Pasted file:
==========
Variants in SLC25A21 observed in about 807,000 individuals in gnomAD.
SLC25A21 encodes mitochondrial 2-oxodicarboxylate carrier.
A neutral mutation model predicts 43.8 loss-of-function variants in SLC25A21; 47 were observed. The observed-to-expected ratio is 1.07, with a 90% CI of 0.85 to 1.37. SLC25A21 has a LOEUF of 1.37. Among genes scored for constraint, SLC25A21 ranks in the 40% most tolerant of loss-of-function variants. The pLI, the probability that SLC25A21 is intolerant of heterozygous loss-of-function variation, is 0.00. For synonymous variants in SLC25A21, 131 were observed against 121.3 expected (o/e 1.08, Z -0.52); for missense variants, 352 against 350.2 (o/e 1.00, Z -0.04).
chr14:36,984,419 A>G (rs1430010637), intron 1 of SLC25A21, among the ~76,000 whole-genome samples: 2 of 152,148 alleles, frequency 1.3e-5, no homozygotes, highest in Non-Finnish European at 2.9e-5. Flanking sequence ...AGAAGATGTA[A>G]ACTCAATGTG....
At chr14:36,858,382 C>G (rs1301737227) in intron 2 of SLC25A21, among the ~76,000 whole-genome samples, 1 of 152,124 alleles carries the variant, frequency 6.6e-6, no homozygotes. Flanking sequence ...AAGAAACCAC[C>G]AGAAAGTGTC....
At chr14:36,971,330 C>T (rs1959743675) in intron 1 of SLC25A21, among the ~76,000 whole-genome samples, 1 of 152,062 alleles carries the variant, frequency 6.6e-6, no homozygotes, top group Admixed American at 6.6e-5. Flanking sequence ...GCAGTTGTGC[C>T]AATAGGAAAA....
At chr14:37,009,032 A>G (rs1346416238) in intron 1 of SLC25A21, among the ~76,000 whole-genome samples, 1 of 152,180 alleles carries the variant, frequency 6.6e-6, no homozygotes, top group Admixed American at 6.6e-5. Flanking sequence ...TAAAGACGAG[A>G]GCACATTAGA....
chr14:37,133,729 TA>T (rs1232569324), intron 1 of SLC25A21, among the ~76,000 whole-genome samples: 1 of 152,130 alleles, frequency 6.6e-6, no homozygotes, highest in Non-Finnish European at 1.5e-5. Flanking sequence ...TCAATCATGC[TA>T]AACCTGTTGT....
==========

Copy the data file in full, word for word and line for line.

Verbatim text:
Variants in SLC25A21 observed in about 807,000 individuals in gnomAD.
SLC25A21 encodes mitochondrial 2-oxodicarboxylate carrier.
A neutral mutation model predicts 43.8 loss-of-function variants in SLC25A21; 47 were observed. The observed-to-expected ratio is 1.07, with a 90% CI of 0.85 to 1.37. SLC25A21 has a LOEUF of 1.37. Among genes scored for constraint, SLC25A21 ranks in the 40% most tolerant of loss-of-function variants. The pLI, the probability that SLC25A21 is intolerant of heterozygous loss-of-function variation, is 0.00. For synonymous variants in SLC25A21, 131 were observed against 121.3 expected (o/e 1.08, Z -0.52); for missense variants, 352 against 350.2 (o/e 1.00, Z -0.04).
chr14:36,984,419 A>G (rs1430010637), intron 1 of SLC25A21, among the ~76,000 whole-genome samples: 2 of 152,148 alleles, frequency 1.3e-5, no homozygotes, highest in Non-Finnish European at 2.9e-5. Flanking sequence ...AGAAGATGTA[A>G]ACTCAATGTG....
At chr14:36,858,382 C>G (rs1301737227) in intron 2 of SLC25A21, among the ~76,000 whole-genome samples, 1 of 152,124 alleles carries the variant, frequency 6.6e-6, no homozygotes. Flanking sequence ...AAGAAACCAC[C>G]AGAAAGTGTC....
At chr14:36,971,330 C>T (rs1959743675) in intron 1 of SLC25A21, among the ~76,000 whole-genome samples, 1 of 152,062 alleles carries the variant, frequency 6.6e-6, no homozygotes, top group Admixed American at 6.6e-5. Flanking sequence ...GCAGTTGTGC[C>T]AATAGGAAAA....
At chr14:37,009,032 A>G (rs1346416238) in intron 1 of SLC25A21, among the ~76,000 whole-genome samples, 1 of 152,180 alleles carries the variant, frequency 6.6e-6, no homozygotes, top group Admixed American at 6.6e-5. Flanking sequence ...TAAAGACGAG[A>G]GCACATTAGA....
chr14:37,133,729 TA>T (rs1232569324), intron 1 of SLC25A21, among the ~76,000 whole-genome samples: 1 of 152,130 alleles, frequency 6.6e-6, no homozygotes, highest in Non-Finnish European at 1.5e-5. Flanking sequence ...TCAATCATGC[TA>T]AACCTGTTGT....